What a Md. gynecologic surgeon wants women to know about fibroids

July is Fibroid Awareness Month, and while uterine fibroids are common and most women with them are symptom-free, a Largo, Maryland, doctor wants women to know that if fibroids make their life miserable, it’s not normal.

“Not everybody has painful, heavy, troublesome periods,” said Dr. Alyssa Small Layne, a gynecological surgeon with the Kaiser Permanente Medical Group. “There is help. There are treatments available, that are both surgery or non-surgery, that can help with symptoms of fibroids.”

Between 10% and 20% of women have painful fibroids, and often, when there’s a strong family history, women think their experience is normal, and that can lead to delays in getting a diagnosis or care.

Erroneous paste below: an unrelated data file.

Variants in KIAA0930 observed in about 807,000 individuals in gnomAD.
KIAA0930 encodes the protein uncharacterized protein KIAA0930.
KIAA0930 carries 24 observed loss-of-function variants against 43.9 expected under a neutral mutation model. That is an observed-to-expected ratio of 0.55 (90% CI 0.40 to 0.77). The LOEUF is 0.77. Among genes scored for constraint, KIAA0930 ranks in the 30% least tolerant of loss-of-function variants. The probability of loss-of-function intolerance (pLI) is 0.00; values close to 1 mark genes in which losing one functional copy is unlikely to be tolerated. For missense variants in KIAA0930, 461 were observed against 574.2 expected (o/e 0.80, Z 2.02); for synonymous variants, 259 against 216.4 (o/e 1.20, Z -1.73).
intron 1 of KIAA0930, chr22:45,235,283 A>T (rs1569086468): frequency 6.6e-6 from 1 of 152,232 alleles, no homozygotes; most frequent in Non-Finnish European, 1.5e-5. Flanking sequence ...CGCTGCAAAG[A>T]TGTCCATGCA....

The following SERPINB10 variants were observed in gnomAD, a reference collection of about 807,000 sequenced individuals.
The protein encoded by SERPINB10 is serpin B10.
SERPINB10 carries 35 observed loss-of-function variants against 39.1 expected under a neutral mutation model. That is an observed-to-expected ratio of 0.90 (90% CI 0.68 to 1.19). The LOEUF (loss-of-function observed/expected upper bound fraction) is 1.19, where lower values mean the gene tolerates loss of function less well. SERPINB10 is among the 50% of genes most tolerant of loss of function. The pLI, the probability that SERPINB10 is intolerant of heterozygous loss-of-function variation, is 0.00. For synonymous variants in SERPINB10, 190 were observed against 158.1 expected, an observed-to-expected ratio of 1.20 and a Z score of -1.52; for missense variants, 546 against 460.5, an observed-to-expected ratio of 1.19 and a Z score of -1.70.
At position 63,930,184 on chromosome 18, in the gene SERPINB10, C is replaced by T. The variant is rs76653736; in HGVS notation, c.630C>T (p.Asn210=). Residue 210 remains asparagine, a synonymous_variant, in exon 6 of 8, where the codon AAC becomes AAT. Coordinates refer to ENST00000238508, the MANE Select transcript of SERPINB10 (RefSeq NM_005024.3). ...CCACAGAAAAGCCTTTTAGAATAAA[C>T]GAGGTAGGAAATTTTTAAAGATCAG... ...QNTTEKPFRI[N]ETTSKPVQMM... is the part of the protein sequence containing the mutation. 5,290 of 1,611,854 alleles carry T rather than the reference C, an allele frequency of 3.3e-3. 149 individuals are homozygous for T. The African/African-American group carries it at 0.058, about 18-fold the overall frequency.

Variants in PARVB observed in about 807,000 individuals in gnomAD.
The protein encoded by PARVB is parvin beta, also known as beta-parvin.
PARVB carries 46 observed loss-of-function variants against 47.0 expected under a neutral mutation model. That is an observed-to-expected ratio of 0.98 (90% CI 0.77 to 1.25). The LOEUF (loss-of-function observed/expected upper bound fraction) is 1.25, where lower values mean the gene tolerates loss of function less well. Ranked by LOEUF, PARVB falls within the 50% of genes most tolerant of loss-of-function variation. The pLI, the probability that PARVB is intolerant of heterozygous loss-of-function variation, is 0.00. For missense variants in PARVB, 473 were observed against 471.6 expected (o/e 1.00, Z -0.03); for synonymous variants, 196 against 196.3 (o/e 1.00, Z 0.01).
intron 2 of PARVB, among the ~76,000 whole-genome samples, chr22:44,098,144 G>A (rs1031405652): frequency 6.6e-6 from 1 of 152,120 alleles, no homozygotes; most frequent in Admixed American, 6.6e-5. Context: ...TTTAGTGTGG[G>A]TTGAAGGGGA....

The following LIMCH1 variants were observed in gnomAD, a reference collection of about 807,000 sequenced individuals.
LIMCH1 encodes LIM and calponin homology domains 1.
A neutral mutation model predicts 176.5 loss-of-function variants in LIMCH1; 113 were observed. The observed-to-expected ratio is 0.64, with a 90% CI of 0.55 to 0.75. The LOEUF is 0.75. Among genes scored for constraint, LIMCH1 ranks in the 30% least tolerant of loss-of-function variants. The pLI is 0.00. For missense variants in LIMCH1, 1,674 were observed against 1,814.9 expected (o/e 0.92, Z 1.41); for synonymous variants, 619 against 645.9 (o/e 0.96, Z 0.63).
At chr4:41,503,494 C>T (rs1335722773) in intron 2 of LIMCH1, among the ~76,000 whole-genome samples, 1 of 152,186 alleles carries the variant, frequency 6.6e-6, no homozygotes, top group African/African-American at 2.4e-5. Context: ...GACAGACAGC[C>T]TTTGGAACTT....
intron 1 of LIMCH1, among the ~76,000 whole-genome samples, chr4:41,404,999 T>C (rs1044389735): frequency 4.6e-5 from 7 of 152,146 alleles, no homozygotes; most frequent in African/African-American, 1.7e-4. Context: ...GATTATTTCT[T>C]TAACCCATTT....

Layne said women should seek help if their menstrual cycle lasts longer than seven days, causes them to miss work or life activities, or if they need to replace tampons or pads more than every two hours.

Symptoms of fibroids can include painful sex, lower back pain, frequent urination and reproductive problems.

Risk factors for fibroids include being Black or being overweight, according to the Centers for Disease Control and Prevention.

“By about age 50, about 70% of white women will have at least one fibroid and more than 80% of Black women,” Layne said.

Fibroids that cause severe symptoms should not be ignored.

“They can be troublesome if you’re having such heavy bleeding that it’s causing other concerns such as anemia or low blood counts,” Layne said.

Kristi King

Kristi King is a veteran reporter who has been working in the WTOP newsroom since 1990. She covers everything from breaking news to consumer concerns and the latest medical developments.

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